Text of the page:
Sony faced a new wave of criticism after it was revealed that PlayStation charges devs at least $25,000 for promotion. Indie developers started sharing their experiences of working with the company, pointing out the lack of support, bad discoverability, and low sales among other problems.

The whole thing started on June 30 with Iain Garner’s thread where he opened up about his experience of working with PlayStation (you can read about it here). Later on, other indie developers decided to share their own stories.

Those Awesome Guys project manager Cristian Botea confirmed Garner’s claims, citing the lack of launch support and problems with participating in sales. “I can’t quite figure out what’s their reasoning on leaving behind so many titles that do really well otherwise on other platforms,” he wrote.

Kotaku also wrote an article based on Garner’s thread, confirming that PlayStation really charges between $25,000 and $200,000 for prominent promotion. In a twist full of bitter irony, Twitter user @saucenaopls later shared a screenshot of emails from Kotaku. It turned out that the outlet happens to also charge indie developers $25,000 for promo.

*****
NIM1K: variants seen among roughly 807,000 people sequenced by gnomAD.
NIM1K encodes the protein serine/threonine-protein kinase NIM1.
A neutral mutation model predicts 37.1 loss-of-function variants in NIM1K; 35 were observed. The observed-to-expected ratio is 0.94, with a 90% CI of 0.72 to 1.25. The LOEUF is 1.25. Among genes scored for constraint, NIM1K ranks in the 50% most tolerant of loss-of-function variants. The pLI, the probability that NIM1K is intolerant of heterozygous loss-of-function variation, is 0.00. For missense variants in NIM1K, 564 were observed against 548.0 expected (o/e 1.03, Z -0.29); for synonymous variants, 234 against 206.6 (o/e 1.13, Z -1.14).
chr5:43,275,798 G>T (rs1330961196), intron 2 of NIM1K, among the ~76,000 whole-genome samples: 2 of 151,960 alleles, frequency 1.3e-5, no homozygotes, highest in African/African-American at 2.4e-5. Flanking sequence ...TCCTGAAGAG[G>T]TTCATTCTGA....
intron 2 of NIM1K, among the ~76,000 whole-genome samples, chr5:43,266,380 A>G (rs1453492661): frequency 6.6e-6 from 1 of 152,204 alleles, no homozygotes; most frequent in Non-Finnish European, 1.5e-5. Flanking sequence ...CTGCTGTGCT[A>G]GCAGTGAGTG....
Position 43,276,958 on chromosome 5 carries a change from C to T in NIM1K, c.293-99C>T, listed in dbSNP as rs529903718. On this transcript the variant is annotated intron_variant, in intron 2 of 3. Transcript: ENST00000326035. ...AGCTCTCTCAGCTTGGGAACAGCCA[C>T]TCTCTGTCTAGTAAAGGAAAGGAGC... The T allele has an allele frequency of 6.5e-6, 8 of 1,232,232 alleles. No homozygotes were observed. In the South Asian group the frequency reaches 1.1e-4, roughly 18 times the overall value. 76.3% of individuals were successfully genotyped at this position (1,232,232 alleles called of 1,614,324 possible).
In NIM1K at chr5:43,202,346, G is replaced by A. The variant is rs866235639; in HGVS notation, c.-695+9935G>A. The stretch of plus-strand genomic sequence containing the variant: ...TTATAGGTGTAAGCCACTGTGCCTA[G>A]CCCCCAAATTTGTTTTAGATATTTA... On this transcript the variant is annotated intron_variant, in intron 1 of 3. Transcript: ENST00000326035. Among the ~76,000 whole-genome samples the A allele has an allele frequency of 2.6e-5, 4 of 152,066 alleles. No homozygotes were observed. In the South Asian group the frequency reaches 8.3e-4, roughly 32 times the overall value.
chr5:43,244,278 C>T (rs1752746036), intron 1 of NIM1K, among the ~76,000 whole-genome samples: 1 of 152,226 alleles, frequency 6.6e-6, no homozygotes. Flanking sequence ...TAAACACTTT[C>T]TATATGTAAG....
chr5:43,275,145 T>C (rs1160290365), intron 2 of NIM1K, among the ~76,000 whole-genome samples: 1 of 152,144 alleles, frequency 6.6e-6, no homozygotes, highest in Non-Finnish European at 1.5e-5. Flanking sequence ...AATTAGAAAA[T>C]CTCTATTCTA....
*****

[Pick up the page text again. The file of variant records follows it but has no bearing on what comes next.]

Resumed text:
“Apparently it’s okay for Kotaku to charge you $25K as an indie dev for prominent advertising, but not Sony, where you’ll likely get much better exposure, lol,” @saucenaopls wrote.

No More Robots head Mike Rose also shared a few thoughts on his colleague’s criticism towards Sony. He said that indie developers are “too worried to say it publicly”, although most of them agree with the problems. Last year, Rose was the one who pointed out issues with poor discoverability on the PlayStation store.

Matthew White from indie publisher WhiteThorn said that PlayStation is the “worst performing platform’ for his company, as it accounts for less than 3 percent of total sales. According to White, they had to wait eight months for devkits. It also takes months for Sony to answer emails, and the company allegedly sends sales reports in “Excel-driven invoices that require manual invoicing like it’s 1928.”

Hypnospace Outlaw creator Jay Tholen also confirmed Iain Garner’s words. He said that his game has generated more revenue on than on PlayStation, which makes Sony’s platform even less attractive for indies.

Moving the spotlight away from Sony, Rock, Paper, Shotgun co-founder John Walker urged developers to share how much money Microsoft, Nintendo, and Steam charge for features and promos. Hopefully, it means that we’ll soon have intel on other platform’s promotion policies.

Nicely summing up the struggles of his fellow devs, indie developer Mohammed Fahmi wrote this: “The silliest thing I read from the whole console discourses is that people think all you need to do to survive in the game industry is to ‘make good games.’ Don’t get me wrong, game’s quality is super important. But it’s just a few steps in a long ladder filled with death traps.”

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